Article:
Hollywood Calling: Robert Yeoman '73

Cinematographer
April 1, 2010

By the time Robert Yeoman '73 finished his freshman year at Duke, he was sure of two things: being a premed student wasn't for him, and his walk-on status with the men's freshman basketball team would end his brief athletic career. So he switched gears, eventually settling on a psychology major while immersing himself in Freewater Productions, the student-run film and video organization.

And the winner is: juror Yeoman at 2010 Sundance

And the winner is: juror Yeoman at 2010 Sundance Film Festival ceremony. Getty Images

"I remember watching Stanley Kubrick's A Clockwork Orange while at Duke and being so mesmerized by the images on the screen," says Yeoman. "It was also a really exciting time in American cinema, with directors like Francis Ford Coppola, Robert Altman, and Woody Allen." Duke didn't have a film program at the time, so he decided to apply to graduate school at the University of Southern California's School of Cinematic Arts.

At first, Yeoman says he thought about becoming a director, but so many of his film-school peers asked him to serve as their cinematographer—the person behind the camera who works closely with the director to create the film's visual look and feel—that he soon found his niche. After some early years struggling to make ends meet, he landed his first feature film in 1985, working for William Friedkin on To Live and Die in L.A.

Since then, he's collaborated with an eclectic group of directors, including Wes Craven (Red Eye), Francis Ford Coppola (The Rainmaker), Noah Baumbach (The Squid and the Whale), Joel and Ethan Coen (Burn After Reading), and Gus Van Sant (Drugstore Cowboy, for which Yeoman received a prestigious Independent Spirit Award in 1990). But his most enduring partnership has been with director Wes Anderson, whom Yeoman met when the young director was just starting out.

"Wes was a big fan of Drugstore Cowboy, so when he got the money to do Bottle Rocket, he called me for an interview. We were drawn to the same things visually. We liked the same films. We knew what we did and didn't like." Bottle Rocket went on to become a cult classic and Anderson's—and Yeoman's—career was off and running. Since then, the two have collaborated on RushmoreThe Royal Tenenbaums,The Life Aquatic With Steve Zissou, and The Darjeeling Limited.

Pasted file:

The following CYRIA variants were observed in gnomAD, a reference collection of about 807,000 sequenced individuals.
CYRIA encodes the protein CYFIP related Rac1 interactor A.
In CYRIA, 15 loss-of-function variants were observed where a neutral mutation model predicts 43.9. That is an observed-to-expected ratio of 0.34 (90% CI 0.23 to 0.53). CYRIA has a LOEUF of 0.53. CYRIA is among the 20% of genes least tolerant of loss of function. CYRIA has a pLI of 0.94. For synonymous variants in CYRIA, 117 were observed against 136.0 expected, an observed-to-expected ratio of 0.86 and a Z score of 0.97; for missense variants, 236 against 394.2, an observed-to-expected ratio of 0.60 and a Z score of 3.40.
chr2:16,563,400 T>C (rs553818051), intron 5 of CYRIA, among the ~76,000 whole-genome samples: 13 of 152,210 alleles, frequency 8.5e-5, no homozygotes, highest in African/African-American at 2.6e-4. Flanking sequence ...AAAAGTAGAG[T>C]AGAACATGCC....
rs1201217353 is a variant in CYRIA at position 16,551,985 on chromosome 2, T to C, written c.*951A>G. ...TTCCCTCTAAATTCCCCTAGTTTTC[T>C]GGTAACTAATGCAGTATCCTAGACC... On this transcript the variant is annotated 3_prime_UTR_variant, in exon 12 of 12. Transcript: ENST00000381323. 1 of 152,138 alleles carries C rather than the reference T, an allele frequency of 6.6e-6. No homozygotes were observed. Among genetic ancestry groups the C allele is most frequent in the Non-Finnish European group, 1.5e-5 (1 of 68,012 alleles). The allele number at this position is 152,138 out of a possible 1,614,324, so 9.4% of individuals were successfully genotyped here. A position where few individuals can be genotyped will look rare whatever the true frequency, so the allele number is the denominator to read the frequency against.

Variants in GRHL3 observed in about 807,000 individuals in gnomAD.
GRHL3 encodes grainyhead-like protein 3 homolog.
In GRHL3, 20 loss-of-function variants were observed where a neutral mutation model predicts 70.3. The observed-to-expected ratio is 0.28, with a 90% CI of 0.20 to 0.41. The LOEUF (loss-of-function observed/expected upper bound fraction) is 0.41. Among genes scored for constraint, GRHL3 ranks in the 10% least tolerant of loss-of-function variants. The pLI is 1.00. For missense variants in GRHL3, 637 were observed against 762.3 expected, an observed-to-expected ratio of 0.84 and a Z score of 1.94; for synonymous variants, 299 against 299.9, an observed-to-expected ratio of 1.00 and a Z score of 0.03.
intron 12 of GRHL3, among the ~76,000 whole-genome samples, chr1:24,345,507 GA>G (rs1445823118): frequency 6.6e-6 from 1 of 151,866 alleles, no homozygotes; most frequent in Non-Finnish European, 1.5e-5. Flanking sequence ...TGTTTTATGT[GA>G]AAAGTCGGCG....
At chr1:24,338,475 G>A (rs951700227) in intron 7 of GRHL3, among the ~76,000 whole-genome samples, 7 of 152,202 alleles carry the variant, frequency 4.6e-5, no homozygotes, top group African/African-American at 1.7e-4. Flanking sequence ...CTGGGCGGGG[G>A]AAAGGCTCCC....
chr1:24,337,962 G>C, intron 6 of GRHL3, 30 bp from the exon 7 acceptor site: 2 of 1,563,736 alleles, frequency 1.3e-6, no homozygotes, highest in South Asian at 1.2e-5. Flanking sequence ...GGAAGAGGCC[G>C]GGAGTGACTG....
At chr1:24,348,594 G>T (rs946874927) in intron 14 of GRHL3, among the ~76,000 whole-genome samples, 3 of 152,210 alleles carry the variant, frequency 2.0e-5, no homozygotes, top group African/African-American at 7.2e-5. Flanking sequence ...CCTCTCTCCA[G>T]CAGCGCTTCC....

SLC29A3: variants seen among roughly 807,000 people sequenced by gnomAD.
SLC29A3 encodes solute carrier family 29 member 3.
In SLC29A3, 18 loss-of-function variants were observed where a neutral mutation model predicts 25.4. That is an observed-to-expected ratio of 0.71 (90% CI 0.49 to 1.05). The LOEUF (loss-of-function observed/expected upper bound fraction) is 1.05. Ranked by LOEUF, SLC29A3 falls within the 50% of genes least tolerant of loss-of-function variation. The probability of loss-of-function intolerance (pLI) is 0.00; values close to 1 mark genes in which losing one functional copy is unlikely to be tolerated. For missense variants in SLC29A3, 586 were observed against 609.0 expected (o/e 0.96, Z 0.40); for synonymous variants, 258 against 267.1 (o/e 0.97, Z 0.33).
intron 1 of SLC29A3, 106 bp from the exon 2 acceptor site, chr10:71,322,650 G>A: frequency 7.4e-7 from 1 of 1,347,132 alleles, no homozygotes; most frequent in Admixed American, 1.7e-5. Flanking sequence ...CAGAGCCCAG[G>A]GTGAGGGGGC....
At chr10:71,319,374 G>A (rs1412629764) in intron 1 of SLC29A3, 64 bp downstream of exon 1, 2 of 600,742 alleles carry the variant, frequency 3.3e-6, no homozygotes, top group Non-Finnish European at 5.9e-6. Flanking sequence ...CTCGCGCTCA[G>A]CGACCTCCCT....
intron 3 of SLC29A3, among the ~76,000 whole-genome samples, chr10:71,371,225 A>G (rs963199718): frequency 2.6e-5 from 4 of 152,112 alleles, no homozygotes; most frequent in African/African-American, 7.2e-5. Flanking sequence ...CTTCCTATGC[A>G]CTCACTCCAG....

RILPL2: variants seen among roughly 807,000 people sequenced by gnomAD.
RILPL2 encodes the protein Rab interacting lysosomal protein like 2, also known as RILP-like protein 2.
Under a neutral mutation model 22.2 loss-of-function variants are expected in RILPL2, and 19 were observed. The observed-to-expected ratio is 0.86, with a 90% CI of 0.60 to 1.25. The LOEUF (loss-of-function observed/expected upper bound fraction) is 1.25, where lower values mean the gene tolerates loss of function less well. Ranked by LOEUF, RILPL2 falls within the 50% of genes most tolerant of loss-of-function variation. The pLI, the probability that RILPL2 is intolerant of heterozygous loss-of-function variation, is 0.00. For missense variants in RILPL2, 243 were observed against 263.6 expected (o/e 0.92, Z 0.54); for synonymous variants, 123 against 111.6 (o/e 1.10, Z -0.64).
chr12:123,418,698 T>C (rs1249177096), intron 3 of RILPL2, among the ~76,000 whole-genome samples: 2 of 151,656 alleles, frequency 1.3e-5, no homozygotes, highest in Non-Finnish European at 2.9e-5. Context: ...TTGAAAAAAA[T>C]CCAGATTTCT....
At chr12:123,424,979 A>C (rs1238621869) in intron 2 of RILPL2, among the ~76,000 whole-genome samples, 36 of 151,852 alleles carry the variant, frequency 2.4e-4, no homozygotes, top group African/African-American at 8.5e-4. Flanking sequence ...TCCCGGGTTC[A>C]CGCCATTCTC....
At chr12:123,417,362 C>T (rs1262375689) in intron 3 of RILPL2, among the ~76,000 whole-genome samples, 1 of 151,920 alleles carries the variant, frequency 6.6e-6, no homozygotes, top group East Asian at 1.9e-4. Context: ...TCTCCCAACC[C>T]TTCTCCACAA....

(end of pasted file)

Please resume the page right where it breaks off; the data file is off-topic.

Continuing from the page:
Regardless of the project, Yeoman is involved from the early stages of production. Unlike writers or actors, who are often hired first and then do the prep work, Yeoman (and other cinematographers) meets with the director before he even signs on to talk about what each of them envisions for the look and feel of the film. "If it seems right, they may offer me the job, but then I have to decide whether I want to do it or not," he says. "Making a movie is a major commitment. I am about to embark on a three- to six-month project where I will be working long hours and spending all of my time with this person, so it's a big decision to make." Then, before shooting starts, Yeoman scouts locations, blocks out scenes, and takes stills of various shots that are in the script.

 

At the end of 2009, Yeoman wrapped up Get Him to the Greek, a comedy by Nick Stoller starring Russell Brand and Jonah Hill. He began 2010 shooting several commercials (he's done spots for Target, Mercedes Benz, American Express, and FedEx), serving as a juror at the Sundance Film Festival, and reading through movie scripts. "I tend to be choosy with what I do," he says. "Doing commercials gives me the luxury of not feeling financial pressure to accept any movie that comes along. I want to do something I really connect with."


Whip It (2009)
Yeoman served as director of photography for the film about a women's roller derby team.

 

 
 

Get Him to the Greek (2010)

Yeoman is cinematographer of this upcoming spin-off of 2008's Forgetting Sarah Marshall.

(Viewer discretion is advised. This video may contain content inappropriate for younger viewers.)

 

Yeoman appears briefly at the end of the American Express commercial featuring frequent collaborator Wes Anderson.